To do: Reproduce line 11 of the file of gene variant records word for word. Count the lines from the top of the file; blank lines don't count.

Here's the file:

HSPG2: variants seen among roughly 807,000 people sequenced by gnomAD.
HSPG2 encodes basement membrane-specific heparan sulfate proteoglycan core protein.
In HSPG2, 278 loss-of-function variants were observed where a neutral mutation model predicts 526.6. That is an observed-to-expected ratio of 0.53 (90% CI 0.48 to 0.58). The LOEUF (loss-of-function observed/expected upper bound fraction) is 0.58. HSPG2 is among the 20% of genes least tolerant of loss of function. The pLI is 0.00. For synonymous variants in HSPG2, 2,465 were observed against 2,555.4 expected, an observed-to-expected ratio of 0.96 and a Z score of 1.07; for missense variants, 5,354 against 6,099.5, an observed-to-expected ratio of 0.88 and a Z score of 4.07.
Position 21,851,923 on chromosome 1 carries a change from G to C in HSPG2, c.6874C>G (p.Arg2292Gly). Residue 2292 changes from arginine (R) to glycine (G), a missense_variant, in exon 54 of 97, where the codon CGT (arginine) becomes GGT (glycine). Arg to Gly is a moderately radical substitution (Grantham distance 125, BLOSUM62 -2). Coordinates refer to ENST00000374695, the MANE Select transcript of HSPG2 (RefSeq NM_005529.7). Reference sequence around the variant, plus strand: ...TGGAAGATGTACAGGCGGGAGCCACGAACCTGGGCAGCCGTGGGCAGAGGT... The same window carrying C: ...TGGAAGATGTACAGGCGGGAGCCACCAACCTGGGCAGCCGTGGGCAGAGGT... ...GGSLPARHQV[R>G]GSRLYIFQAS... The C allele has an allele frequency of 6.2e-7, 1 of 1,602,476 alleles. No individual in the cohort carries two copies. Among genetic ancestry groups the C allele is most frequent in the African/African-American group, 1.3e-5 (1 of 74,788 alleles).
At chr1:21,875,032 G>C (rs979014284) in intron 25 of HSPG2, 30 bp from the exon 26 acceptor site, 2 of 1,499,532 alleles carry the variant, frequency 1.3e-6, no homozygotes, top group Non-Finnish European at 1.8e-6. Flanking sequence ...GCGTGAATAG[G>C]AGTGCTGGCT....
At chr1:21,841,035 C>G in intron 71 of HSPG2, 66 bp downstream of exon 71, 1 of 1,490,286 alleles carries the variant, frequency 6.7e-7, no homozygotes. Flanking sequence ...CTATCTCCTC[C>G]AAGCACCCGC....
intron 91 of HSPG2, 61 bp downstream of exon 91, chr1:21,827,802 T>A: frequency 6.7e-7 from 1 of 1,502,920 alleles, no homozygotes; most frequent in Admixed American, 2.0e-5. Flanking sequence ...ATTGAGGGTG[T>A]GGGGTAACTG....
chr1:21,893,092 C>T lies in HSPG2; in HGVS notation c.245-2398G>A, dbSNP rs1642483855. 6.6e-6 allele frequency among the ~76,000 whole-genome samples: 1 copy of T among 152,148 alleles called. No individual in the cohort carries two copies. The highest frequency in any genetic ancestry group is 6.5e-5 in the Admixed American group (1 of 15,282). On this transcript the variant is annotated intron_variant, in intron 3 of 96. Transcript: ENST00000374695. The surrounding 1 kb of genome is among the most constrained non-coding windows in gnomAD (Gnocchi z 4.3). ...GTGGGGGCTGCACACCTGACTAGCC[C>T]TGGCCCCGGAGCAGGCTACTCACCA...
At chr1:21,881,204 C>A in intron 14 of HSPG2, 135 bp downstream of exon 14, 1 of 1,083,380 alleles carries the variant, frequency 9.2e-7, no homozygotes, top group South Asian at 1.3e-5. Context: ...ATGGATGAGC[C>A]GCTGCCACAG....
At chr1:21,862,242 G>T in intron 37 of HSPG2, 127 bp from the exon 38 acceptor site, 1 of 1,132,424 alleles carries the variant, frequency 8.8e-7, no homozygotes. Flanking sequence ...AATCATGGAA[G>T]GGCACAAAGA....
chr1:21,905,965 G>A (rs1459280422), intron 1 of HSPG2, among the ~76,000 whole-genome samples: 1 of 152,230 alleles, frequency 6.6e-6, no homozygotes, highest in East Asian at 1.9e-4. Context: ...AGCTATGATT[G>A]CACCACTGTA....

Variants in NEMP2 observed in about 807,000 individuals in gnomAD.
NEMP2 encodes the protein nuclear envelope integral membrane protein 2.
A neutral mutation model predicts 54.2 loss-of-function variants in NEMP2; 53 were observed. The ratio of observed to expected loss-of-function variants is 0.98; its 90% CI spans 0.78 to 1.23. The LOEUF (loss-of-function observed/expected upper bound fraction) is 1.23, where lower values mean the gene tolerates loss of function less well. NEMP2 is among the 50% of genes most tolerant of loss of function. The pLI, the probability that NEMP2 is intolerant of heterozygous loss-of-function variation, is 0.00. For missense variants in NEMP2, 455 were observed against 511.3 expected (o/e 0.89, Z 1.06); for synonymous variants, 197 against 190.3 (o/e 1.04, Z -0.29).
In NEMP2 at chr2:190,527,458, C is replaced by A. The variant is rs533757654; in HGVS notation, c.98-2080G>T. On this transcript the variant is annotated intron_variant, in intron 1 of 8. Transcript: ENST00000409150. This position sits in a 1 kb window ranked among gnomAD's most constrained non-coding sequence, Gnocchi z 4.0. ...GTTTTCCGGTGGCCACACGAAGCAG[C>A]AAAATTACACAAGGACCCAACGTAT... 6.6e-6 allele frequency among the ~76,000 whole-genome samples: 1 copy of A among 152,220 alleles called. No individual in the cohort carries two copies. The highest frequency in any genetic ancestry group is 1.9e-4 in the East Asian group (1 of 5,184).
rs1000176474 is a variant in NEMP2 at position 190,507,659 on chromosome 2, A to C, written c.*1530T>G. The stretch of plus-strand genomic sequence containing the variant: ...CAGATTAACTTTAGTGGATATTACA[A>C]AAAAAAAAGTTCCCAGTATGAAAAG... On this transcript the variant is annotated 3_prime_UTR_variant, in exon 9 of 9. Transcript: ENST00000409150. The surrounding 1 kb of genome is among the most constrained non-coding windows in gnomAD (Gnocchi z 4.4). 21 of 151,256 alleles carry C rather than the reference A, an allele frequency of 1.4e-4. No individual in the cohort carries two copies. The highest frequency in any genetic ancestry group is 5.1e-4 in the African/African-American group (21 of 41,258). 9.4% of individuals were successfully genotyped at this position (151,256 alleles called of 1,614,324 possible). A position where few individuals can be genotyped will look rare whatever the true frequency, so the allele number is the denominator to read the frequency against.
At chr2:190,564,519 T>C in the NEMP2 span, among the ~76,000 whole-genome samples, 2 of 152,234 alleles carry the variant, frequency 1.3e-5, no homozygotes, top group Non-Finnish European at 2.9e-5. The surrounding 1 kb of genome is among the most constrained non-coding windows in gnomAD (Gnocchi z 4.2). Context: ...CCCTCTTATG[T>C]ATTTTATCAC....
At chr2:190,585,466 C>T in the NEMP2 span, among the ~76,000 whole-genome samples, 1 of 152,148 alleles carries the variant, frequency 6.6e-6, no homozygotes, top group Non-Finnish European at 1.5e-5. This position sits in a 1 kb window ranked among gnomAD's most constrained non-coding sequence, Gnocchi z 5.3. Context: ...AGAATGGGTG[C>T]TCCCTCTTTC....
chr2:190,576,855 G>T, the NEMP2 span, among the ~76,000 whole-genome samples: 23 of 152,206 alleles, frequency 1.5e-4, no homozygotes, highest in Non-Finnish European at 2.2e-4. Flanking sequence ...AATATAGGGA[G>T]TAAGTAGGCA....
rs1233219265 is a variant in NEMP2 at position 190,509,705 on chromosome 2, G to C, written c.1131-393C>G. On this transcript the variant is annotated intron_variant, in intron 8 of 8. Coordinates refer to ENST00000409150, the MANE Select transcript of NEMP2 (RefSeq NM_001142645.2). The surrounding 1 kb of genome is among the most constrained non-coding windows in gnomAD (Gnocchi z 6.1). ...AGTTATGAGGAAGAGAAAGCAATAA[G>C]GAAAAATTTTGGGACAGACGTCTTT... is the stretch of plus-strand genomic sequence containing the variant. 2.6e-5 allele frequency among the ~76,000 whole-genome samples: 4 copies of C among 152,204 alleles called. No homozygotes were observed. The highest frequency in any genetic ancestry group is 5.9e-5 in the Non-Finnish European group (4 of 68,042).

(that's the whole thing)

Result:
chr1:21,905,965 G>A (rs1459280422), intron 1 of HSPG2, among the ~76,000 whole-genome samples: 1 of 152,230 alleles, frequency 6.6e-6, no homozygotes, highest in East Asian at 1.9e-4. Context: ...AGCTATGATT[G>A]CACCACTGTA....